President Biden Signs Executive Order Creating New Safeguards for U.S. Surveillance Programs

October 7, 2022

Today, President Biden signed an Executive Order (EO) which imposes new limitations on U.S. surveillance programs and creates a new redress mechanism for EU residents. Though the EO takes substantial steps to address the problems that ultimately led to Privacy Shield being invalidated, the EO is unlikely to satisfy the Court of Justice of the European Union’s (CJEU) standards for privacy protections. The EO, which outlines the steps the U.S. government will take to implement the new EU-U.S. Data Privacy Framework (EU-U.S. DPF), places new requirements on the collection and handling of personal information by U.S. intelligence agencies, regardless of nationality of the data subject. The EO also creates a new redress mechanism for qualifying individuals claiming their personal information was unlawfully collected under these programs. This mechanism—which replaces the former Privacy Shield Ombudsperson mechanism invalidated by the CJEU in Schrems II—includes an initial investigation and determination by the Civil Liberties Protection Officer at the Office of the Director of National Intelligence (ODNI), followed by the opportunity for review by a new Data Protection Review Court within the Department of Justice (DOJ).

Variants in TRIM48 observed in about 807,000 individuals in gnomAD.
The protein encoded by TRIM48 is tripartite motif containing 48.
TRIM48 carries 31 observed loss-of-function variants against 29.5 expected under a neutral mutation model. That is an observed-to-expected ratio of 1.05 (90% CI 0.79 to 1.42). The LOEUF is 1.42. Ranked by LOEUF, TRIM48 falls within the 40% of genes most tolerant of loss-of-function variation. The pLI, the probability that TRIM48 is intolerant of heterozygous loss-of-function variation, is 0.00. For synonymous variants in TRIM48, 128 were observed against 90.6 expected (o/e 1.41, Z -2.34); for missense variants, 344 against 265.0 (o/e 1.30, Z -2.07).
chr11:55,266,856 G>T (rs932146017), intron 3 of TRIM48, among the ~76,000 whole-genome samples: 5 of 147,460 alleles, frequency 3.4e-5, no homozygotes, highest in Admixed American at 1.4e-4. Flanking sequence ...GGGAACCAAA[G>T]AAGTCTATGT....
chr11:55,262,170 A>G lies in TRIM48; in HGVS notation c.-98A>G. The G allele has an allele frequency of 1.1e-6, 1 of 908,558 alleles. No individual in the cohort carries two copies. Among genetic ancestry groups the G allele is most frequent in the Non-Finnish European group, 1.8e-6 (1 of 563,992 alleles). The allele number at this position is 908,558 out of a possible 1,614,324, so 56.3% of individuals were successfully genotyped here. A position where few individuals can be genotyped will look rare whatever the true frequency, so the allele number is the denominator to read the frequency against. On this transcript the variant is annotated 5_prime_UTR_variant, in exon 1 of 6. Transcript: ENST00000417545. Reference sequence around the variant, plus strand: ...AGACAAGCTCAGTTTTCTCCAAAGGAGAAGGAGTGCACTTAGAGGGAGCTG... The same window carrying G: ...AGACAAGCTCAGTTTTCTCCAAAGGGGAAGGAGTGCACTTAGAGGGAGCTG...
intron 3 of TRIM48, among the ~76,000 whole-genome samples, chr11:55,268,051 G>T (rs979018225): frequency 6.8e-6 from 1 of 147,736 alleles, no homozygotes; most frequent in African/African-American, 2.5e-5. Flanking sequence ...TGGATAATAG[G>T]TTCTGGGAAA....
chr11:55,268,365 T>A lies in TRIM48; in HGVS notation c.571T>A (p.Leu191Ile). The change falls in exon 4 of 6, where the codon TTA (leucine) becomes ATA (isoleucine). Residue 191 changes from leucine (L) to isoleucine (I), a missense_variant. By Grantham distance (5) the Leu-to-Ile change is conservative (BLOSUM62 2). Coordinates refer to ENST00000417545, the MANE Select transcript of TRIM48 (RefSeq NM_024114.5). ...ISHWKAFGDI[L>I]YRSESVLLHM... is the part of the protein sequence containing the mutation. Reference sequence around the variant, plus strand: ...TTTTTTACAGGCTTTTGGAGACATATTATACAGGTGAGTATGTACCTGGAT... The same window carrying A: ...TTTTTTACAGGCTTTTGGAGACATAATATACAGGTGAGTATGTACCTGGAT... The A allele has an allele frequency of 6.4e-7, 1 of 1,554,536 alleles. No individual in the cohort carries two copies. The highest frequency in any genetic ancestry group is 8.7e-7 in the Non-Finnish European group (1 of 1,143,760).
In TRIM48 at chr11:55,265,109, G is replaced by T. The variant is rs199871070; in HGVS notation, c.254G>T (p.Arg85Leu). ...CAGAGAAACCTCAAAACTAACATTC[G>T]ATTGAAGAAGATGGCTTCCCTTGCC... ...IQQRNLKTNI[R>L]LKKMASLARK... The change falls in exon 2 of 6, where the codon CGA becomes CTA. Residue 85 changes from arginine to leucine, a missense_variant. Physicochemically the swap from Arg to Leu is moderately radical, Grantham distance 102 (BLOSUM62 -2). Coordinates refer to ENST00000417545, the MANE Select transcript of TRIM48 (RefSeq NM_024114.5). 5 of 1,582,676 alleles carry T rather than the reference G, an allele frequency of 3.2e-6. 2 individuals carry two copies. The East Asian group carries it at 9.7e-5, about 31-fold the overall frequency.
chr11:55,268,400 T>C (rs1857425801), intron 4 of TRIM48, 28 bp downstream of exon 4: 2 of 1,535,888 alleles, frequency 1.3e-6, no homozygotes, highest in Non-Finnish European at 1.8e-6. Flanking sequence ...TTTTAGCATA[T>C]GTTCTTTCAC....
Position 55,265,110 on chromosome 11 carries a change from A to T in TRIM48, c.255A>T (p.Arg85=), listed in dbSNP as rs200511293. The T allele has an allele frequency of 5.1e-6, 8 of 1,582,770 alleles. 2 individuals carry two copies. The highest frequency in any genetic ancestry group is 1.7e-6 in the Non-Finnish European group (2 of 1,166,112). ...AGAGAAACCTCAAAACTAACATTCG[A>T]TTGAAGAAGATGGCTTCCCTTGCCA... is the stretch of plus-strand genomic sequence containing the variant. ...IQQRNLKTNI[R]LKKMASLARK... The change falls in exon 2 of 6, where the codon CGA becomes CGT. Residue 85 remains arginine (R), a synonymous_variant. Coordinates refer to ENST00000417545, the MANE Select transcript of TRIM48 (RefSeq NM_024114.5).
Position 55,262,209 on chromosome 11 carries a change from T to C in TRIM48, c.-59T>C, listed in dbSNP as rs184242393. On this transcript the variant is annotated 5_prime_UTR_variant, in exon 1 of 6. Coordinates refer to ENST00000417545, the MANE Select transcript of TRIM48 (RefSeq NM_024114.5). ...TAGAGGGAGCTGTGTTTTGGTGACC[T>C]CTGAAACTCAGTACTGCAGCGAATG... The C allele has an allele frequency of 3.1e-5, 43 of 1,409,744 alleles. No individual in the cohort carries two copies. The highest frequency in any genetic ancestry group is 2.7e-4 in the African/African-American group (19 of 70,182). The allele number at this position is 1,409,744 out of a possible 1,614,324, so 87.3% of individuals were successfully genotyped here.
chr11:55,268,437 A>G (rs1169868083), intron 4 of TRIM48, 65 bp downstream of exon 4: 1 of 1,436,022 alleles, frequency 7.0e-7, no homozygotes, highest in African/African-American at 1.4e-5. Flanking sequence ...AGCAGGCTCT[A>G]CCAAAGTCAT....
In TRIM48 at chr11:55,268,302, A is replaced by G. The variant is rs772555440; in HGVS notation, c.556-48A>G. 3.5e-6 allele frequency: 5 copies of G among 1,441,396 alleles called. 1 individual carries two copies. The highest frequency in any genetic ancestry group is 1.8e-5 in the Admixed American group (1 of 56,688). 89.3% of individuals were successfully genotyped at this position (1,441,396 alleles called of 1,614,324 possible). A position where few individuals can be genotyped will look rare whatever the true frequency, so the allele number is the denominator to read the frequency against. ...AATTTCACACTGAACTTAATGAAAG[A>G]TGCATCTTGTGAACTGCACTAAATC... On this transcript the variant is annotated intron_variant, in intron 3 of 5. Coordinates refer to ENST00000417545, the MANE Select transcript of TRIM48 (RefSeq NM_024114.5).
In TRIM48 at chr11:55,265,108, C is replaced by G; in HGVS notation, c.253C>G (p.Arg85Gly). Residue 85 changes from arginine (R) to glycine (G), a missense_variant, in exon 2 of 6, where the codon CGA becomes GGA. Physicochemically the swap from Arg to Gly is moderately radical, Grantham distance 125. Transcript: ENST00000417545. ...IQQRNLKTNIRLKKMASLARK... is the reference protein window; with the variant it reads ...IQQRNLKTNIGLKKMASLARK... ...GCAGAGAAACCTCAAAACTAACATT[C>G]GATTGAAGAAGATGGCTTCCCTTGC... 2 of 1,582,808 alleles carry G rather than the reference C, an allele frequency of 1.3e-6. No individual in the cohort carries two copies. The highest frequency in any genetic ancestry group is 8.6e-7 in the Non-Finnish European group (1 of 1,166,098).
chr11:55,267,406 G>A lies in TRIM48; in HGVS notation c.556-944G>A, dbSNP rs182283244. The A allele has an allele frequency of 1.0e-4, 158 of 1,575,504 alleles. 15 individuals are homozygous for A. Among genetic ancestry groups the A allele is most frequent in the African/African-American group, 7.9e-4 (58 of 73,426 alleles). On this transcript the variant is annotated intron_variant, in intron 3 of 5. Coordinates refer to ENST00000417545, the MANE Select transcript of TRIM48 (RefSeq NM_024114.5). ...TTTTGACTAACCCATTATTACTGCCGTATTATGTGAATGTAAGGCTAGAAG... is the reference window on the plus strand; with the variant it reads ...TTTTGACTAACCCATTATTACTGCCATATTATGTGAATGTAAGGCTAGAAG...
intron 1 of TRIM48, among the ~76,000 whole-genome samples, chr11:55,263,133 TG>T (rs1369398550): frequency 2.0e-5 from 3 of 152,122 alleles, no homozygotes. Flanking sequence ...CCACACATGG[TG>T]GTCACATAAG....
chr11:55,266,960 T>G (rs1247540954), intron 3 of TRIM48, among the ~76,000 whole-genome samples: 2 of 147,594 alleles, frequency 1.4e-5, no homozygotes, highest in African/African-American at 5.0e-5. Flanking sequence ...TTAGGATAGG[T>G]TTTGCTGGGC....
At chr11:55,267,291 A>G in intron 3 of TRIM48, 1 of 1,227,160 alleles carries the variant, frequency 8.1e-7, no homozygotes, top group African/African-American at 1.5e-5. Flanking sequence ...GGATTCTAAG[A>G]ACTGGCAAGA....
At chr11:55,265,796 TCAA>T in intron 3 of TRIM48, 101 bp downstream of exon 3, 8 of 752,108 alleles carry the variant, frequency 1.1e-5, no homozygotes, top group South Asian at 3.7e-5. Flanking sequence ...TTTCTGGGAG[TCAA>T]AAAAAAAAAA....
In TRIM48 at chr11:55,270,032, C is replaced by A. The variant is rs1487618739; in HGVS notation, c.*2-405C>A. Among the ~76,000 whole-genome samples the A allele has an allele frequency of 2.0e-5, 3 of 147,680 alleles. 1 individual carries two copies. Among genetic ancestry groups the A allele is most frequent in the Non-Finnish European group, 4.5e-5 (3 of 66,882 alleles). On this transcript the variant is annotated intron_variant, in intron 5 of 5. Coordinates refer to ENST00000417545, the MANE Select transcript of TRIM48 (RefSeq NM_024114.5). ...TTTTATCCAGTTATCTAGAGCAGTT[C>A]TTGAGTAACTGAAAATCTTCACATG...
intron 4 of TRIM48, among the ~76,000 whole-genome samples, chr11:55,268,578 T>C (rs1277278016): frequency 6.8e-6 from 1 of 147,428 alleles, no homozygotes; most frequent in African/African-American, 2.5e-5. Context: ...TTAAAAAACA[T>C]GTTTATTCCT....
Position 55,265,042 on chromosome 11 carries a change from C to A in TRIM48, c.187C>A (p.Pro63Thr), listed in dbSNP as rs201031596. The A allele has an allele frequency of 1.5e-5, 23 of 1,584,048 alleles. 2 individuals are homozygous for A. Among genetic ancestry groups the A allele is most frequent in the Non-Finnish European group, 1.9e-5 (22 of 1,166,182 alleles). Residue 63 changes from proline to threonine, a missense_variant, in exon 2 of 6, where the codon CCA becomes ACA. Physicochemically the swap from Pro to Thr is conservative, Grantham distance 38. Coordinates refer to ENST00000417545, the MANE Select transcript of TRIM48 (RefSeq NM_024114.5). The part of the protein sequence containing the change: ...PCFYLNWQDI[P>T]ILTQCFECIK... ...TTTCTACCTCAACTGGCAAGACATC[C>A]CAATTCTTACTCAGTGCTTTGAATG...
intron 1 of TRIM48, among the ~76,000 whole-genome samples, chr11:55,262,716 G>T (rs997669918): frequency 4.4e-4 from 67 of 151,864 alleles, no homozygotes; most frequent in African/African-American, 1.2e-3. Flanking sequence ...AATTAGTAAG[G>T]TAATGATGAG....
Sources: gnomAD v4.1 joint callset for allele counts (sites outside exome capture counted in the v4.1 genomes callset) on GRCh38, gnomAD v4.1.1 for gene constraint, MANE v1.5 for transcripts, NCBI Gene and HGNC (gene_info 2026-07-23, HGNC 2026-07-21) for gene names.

However, it remains to be seen whether the new EU-U.S. DPF will survive a future challenge at the CJEU. While the EO does provide some privacy safeguards, it does not fully bar the use of bulk collection programs by U.S. intelligence agencies. Further, the complexity of the new redress mechanism—and the lack of any notice provisions—will likely raise concerns among Europeans that it is not a meaningfully accessible way to exercise their rights. Finally, because the EO’s protections are not legislative in nature, they likely lack the stability to withstand future challenges at the CJEU. 

“The Administration’s new Executive Order is a meaningful improvement over the prior privacy framework which has operated to the exclusion of non-U.S. persons, but these new safeguards and redress mechanism are unlikely to persuade the CJEU that U.S. law adequately protects privacy,” EPIC Executive Director Alan Butler said. “The new Data Protection Review Court is a step in the right direction, but the Administration must ensure that existing barriers to redress—such as notice, excessive secrecy, and undue deference to national security authorities—do not continue to stymie independent, meaningful efforts to vindicate privacy rights.” 

EPIC has supported calls for enhanced privacy protections prior to establishing a new data transfer framework. EPIC also participated as an amicus curiae in the Schrems II case, arguing that U.S. surveillance law does not provide adequate privacy protections or remedies for non-U.S. persons abroad. 

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